A new clinical trial is looking to test the benefits of matching a tumor’s molecular profile to targeted agents in patients with advanced solid tumors or lymphomas.
Enrollment is now open for the pioneering precision medicine clinical trial known as the National Cancer Institute-Molecular Analysis for Therapy Choice (NCI-MATCH). Approximately 1,000 patients with advanced solid tumors or lymphomas that have not responded to standard therapy may find new treatment options through this study.
This phase II, interventional trial is enrolling patients at clinical sites participating in the NCI’s National Clinical Trials Network (NCTN), including Cleveland Clinic.
In this trial – the largest precision oncology trial ever launched, according to the National Cancer Institute – researchers will analyze each patient’s tumor for the presence of genomic abnormalities for which a targeted drug exists. If a match is found, treatment may be assigned.
“This trial is a well-designed attempt to determine whether cancers can be treated according to their molecular profiles, following the premise of personalized medicine,” says Petros Grivas, MD, PhD, of Cleveland Clinic’s Department of Hematology and Medical Oncology. Dr. Grivas is a national Principal Investigator for one of the trial’s 20 treatment arms, and thus is helping to develop a treatment subprotocol.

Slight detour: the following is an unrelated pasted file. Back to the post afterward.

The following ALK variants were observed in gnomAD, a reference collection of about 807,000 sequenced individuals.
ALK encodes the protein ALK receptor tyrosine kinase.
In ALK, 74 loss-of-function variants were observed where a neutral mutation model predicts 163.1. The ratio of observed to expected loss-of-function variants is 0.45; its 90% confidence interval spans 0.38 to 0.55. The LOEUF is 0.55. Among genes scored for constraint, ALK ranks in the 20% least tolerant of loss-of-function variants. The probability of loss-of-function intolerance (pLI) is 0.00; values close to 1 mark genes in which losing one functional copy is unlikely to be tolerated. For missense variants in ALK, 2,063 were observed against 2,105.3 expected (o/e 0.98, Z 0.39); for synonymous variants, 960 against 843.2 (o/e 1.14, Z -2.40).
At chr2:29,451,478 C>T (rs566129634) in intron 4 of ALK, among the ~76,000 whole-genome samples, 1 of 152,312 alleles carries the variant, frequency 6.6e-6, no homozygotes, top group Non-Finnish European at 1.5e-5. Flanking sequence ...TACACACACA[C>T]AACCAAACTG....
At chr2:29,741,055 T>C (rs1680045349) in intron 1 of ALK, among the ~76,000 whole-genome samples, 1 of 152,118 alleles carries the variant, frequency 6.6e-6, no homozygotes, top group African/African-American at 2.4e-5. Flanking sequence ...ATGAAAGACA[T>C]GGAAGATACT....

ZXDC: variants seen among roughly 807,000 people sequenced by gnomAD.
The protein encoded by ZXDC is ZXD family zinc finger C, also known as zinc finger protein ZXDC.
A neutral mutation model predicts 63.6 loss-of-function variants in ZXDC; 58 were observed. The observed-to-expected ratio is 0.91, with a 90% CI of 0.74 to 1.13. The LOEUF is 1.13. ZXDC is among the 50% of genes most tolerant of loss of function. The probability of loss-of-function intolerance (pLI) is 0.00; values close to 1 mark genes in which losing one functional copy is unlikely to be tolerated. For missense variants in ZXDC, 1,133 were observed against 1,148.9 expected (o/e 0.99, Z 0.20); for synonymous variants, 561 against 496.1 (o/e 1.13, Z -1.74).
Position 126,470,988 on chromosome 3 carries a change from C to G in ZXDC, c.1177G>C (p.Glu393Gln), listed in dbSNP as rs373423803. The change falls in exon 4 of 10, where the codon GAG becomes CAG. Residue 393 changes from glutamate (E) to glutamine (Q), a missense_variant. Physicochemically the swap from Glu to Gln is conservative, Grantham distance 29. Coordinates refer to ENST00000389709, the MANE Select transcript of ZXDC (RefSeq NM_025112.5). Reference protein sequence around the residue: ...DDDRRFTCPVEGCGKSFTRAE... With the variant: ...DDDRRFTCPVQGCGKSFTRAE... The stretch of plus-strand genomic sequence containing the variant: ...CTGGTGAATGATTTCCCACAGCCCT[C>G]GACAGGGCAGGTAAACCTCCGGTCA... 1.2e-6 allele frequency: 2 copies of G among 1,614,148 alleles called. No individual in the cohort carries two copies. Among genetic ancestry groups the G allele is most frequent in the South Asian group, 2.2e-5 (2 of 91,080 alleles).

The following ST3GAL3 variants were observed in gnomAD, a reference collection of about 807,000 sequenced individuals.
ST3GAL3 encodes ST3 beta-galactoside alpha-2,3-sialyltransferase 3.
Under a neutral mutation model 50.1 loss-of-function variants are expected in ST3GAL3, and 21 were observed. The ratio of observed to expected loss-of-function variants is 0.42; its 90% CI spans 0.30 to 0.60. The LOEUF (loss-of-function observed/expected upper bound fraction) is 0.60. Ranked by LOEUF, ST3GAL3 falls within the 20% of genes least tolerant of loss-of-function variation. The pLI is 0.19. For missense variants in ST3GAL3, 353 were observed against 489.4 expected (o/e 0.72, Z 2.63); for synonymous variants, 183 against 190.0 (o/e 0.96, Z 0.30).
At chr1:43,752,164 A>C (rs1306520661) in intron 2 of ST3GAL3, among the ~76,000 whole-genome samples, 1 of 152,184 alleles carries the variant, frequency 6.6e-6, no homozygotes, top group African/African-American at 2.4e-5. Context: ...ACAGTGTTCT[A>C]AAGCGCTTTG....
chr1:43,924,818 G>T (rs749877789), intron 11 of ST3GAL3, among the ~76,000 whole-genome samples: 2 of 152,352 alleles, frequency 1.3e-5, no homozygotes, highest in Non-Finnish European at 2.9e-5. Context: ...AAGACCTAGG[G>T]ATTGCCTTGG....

The phase II interventional trial, known as the National Cancer Institute-Molecular Analysis for Therapy Choice (NCI-MATCH), is enrolling patients at as many as 2,400 clinical sites that participate in the NCI’s National Clinical Trials Network (NCTN). Cleveland Clinic is working to activate the trial as soon as it becomes available as a member of that network.